Sometimes the best medicine for suffering is a time out from our daily routine.
Living in the present moment –without agenda, without goal–might just be the hardest practice there is.
It’s easy to get caught up in modernity’s insistence on things happening in real-time, but the fact is some things require patience. Some things are indeed better with patience. Remember the sweet surprise of getting a love letter in your mailbox? You can’t rush that kind of pleasure.
Joy is recognizing that nothing is ever a dead end. We are constantly in fluid motion, navigating, re-setting the coordinates, making corrections according to the winds. Even if we appear to drift off course, wherever we find ourselves right now is the fruition of one set of circumstances and also the seed of something just about to begin. It takes courage to relax in the midst of not-knowing.
I’ve had a whirlwind of change recently, both personal and professional. The result is mind-boggling. I wake up sometimes and have no idea where I am.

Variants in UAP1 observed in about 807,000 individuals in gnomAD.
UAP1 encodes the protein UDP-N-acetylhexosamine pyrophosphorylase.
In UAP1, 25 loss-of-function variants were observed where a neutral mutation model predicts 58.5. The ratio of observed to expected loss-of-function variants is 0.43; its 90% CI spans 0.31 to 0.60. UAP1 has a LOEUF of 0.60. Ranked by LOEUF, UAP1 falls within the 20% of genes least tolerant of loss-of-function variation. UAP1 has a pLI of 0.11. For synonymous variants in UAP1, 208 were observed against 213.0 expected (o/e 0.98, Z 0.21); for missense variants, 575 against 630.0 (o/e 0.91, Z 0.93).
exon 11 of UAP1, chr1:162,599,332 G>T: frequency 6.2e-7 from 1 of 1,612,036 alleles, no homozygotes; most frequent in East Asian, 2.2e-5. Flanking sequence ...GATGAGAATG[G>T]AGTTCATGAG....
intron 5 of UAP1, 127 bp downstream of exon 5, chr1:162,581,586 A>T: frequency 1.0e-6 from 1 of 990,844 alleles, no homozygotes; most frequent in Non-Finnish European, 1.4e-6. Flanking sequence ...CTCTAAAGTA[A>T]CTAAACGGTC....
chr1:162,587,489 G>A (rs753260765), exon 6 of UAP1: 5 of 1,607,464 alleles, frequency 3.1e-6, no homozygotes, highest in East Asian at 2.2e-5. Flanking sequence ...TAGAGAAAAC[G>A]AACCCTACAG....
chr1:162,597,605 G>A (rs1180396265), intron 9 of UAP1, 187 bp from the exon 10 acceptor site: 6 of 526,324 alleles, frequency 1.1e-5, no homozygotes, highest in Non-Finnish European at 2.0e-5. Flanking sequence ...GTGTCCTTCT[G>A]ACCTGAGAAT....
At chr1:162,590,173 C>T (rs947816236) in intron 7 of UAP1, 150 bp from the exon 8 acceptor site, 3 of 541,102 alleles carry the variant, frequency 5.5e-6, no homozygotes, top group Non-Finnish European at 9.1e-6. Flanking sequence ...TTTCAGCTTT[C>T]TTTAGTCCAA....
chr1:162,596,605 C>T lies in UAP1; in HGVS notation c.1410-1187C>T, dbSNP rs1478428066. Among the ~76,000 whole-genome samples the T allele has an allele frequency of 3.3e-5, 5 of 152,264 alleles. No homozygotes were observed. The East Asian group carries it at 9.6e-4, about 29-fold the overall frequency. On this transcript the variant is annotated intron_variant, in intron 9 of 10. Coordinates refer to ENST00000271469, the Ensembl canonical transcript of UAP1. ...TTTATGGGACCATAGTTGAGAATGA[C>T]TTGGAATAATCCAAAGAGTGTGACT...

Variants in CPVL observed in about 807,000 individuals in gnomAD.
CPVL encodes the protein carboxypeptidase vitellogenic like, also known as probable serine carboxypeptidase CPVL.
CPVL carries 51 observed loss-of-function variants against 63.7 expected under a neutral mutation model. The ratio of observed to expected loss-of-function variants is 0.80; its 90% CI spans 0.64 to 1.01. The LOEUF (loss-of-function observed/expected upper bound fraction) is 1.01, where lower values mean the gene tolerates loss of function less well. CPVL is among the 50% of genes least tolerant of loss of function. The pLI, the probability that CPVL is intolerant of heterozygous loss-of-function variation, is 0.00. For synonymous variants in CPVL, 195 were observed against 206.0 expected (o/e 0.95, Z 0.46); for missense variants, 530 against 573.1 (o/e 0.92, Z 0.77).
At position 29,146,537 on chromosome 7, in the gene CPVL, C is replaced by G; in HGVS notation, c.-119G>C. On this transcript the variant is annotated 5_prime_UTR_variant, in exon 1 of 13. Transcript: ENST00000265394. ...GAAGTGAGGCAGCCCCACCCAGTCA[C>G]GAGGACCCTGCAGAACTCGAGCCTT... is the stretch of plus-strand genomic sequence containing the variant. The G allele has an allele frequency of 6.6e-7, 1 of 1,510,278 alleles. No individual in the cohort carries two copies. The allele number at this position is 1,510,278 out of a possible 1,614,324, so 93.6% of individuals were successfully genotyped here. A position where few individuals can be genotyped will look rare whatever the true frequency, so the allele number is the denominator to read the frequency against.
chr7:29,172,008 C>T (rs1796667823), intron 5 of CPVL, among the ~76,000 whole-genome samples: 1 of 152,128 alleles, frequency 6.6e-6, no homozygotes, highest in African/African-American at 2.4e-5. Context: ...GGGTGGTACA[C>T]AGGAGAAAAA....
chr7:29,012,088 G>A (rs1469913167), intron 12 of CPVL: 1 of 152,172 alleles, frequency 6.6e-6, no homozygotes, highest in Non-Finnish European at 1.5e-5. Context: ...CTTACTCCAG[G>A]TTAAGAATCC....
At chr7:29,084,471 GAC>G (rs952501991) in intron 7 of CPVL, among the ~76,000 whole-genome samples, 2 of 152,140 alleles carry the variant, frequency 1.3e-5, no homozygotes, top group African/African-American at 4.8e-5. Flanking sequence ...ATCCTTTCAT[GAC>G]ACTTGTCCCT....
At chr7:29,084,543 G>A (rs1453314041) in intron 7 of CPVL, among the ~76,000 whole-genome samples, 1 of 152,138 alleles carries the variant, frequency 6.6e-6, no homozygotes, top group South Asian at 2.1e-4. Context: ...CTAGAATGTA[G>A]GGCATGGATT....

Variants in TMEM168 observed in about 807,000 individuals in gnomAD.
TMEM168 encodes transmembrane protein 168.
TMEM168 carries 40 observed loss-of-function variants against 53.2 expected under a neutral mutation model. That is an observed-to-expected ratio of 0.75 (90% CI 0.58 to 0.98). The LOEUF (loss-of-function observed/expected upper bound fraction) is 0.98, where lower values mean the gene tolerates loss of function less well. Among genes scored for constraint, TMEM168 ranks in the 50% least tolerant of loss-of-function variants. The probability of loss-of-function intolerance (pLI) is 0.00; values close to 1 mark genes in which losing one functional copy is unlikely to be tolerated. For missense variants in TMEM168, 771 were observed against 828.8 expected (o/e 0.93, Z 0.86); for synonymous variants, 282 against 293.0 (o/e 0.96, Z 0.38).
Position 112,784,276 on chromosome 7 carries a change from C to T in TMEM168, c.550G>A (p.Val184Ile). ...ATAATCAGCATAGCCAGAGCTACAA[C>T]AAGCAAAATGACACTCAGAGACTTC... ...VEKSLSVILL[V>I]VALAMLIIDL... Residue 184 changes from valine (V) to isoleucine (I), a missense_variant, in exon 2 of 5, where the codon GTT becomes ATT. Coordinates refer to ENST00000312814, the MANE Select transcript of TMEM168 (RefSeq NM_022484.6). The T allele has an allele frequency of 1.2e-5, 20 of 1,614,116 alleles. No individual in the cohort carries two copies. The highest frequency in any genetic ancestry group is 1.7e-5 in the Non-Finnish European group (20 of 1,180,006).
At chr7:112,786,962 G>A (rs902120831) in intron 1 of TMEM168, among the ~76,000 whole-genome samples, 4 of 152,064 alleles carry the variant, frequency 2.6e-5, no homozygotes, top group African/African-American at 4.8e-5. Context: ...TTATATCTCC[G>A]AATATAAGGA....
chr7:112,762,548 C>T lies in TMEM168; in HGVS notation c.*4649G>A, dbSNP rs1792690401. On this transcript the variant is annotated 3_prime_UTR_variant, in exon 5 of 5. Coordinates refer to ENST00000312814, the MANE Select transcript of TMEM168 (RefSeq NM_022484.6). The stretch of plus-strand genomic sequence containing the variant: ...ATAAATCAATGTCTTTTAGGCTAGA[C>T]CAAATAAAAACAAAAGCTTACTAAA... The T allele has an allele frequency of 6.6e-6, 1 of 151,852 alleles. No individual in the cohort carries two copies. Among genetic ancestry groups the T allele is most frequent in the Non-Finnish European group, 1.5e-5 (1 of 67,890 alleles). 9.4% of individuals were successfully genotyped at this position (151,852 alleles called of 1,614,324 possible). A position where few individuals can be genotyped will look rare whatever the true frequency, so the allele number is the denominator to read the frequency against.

This week I’m in Hawaii with my dear family, remembering the preciousness of our short time here on earth. I’m watching my mind get busy with all the things I should be catching up on, all the promises I’ve made that are just going to have to wait. These moments of shared history are what will make up the memories of our lives. What a shame it would be to miss out on them due to a distracted mind. Unfortunately, this is how many of us spend our lives: striving for a goal, wishing things to be different than they are.
If you worry too much about the destination, you may miss the present moment.
This is exactly what we cultivate in contemplative practice–like Ashtanga yoga or Shamatha sitting meditation. We practice recognising the presence of something other than the wandering, greedy, impatient flow of thoughts that urge us on to the next event. When you take up a daily practice, you build your mental muscles so that you remember to come back to the moment happening in real-time.
So, the medicine is this: relax and enjoy!
You’ll get there soon enough, and meanwhile, you might as well enjoy the view.